I guess there are options in-between. But I can’t think of one that is going to offer immediate action.

All the other options I can think of will take a few generations…

I always am amused at that “universal” comments about Catholic colleges and universities.

Several years ago, CARA did a study of Catholics attending Mass and broke it down by age groups. The lowest attendance rate (weekly Mass) was among the 18 to 29 age group.

And I am aware of what has gone on at some Catholic colleges and universities over the last 40 or so years, including named universities and some of what has happened at them (e.g. Notre Dame) and agree that what has happened in those instances reflect not well on Catholicism, not to mention common sense.

However, there is far more Catholicism going on in those Catholic colleges and universities that never is heard about, mostly because it would be “ho-hum” news - in other words, expected, under the purview of Catholicism - in other words, not news worthy.

And so we find segments of Catholics getting on their high horse and condemning not just the incident, but the whole of the institution as if it is entirely corrupt; they ignore the fact that Catholicism is alive and well at many Catholic colleges and universities.

So I am not particularly inclined to blame the universities and colleges for why graduates leave the Church; blaming that on the institutions ignores one major fact: almost all of those who leave the faith ;had at least one parent, possibly 2, who were Catholic. By the time an individual reaches college age, they have achieved a significant development in what it means to be a Catholic - and the primary and most significant factor in their Catholic identity comes from their home environment.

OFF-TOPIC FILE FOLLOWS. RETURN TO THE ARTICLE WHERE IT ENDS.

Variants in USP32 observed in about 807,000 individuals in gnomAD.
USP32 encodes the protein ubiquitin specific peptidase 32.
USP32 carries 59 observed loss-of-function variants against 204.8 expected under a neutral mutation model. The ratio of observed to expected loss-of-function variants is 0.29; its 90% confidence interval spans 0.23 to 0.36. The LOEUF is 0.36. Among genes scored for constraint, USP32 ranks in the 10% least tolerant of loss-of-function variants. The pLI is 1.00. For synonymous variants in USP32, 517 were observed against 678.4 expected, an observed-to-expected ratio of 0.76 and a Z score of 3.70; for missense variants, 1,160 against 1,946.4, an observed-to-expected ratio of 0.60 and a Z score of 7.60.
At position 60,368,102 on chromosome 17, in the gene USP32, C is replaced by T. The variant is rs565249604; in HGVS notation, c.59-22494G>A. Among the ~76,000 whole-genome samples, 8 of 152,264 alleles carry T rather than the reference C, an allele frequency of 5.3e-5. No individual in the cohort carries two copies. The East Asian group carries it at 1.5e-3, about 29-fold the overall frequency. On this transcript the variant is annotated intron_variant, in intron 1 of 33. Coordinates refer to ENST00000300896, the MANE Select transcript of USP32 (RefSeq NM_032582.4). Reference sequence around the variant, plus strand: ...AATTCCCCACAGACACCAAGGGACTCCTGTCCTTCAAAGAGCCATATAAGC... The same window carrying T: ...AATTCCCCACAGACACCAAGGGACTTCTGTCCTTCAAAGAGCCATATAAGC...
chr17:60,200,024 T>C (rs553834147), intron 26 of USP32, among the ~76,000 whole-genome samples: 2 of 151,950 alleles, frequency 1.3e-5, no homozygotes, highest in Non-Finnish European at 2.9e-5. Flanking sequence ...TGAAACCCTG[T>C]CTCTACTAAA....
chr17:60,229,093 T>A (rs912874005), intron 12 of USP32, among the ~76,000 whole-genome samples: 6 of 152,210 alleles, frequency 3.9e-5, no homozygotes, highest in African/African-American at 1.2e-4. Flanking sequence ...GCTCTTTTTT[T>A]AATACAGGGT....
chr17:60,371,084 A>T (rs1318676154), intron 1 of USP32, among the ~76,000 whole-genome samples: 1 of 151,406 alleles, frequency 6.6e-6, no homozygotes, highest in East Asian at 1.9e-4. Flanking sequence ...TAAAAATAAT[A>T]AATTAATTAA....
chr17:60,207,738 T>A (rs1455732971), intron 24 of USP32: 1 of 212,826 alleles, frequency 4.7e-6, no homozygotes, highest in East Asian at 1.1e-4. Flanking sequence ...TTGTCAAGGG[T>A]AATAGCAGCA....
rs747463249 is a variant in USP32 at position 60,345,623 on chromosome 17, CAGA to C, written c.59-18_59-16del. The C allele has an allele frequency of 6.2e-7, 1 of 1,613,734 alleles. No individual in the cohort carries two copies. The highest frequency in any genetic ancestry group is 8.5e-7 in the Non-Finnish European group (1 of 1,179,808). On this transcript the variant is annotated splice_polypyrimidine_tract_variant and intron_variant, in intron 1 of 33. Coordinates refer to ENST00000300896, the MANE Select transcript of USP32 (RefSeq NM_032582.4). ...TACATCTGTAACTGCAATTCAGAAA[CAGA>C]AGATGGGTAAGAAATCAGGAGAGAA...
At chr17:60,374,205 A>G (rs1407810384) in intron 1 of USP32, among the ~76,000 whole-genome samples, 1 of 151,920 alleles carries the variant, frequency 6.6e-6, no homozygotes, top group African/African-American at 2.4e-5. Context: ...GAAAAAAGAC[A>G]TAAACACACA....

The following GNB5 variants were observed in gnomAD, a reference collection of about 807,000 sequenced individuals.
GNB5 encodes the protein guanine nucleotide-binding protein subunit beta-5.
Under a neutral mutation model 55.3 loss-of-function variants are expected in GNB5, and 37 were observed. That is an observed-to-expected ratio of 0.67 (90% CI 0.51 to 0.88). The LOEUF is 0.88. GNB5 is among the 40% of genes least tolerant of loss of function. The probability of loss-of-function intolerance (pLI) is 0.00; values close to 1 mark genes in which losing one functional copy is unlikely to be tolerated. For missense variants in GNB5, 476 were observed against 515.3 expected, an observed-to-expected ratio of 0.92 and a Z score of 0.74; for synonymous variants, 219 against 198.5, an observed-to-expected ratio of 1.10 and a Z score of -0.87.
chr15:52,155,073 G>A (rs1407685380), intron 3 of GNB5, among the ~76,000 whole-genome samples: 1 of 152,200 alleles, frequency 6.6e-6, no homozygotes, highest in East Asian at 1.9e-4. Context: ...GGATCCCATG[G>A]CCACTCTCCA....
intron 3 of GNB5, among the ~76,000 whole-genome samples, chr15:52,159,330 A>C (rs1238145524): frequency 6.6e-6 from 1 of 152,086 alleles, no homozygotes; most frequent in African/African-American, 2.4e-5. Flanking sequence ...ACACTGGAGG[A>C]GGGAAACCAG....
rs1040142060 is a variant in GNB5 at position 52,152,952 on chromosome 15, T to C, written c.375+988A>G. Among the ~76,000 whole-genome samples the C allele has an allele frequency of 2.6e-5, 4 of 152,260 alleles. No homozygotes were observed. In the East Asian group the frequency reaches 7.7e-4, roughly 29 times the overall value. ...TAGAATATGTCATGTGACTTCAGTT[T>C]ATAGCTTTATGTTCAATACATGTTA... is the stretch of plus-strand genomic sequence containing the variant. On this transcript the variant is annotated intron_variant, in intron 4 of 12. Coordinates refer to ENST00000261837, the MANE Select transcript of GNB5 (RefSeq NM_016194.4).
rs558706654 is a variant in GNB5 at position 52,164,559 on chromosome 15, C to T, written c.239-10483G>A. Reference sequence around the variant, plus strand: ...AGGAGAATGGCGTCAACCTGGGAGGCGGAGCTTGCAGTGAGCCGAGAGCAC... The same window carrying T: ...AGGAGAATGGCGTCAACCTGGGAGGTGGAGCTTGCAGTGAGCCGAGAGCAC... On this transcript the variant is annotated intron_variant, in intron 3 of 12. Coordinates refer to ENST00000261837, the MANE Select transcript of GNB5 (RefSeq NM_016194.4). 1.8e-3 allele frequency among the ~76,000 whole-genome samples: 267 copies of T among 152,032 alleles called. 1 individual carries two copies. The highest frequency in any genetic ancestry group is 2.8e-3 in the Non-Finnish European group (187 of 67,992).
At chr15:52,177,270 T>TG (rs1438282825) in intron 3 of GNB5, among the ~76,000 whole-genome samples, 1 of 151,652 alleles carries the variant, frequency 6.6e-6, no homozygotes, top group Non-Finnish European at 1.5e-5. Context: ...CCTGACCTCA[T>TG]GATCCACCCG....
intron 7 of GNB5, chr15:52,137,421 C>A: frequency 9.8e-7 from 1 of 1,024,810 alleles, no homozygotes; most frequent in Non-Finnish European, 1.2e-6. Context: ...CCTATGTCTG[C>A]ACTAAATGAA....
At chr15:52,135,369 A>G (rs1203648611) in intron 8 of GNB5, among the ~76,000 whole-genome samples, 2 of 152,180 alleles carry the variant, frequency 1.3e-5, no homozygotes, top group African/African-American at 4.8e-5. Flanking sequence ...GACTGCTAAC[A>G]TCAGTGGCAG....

Given that their parents are in the age group above them, and less than half of that age group attends Mass weekly, it should be no surprise to anyone that the children have modeled their parents - not to mention that the kids were/are raised in a time of even more secular and immoral forces are widespread throughout society. To mention only one thing - the immediate availability of pornography on the internet - there are a multitude of studies on teenage access to and use of it.

My parish has both a Catholic grade school and religious instruction for the children not going to Catholic school, and both groups of children have parents who do not attend Mass on Sunday with any regularity. “Do as I say, not as I do” never has been an effective method of teaching much of anything, let alone the faith. And then we wonder why kids leave the Church/

Really?

It is simplistic at the extreme to blame the colleges.

You’re right that it’s everyone’s fault that solid Catholic teaching isn’t being passed on to the next generation.

However, some fields really are not taught in depth, such as theology or biblical scholarship, until at the university level, and that’s simply collapsed in most of the secularized Catholic colleges. Also, without strong Catholic arguments which should come at the university level, how many young adults believe it simply doesn’t matter whether they continue to live as Catholic?

Lord help our young people to find and stay involved in their Catholic Faith. You are The Way, The Truth, The Life help them to see that. Amen!

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Catholic colleges offer the sentiment of the faith, like going to church on Christmas or Easter. To save them maybe you need to address the sentimentalism at large. It might help if Sunday homilies everywhere were a little tougher, making the faith more than the nice feeling which seems to be about the only thing some families go to church or Catholic college for.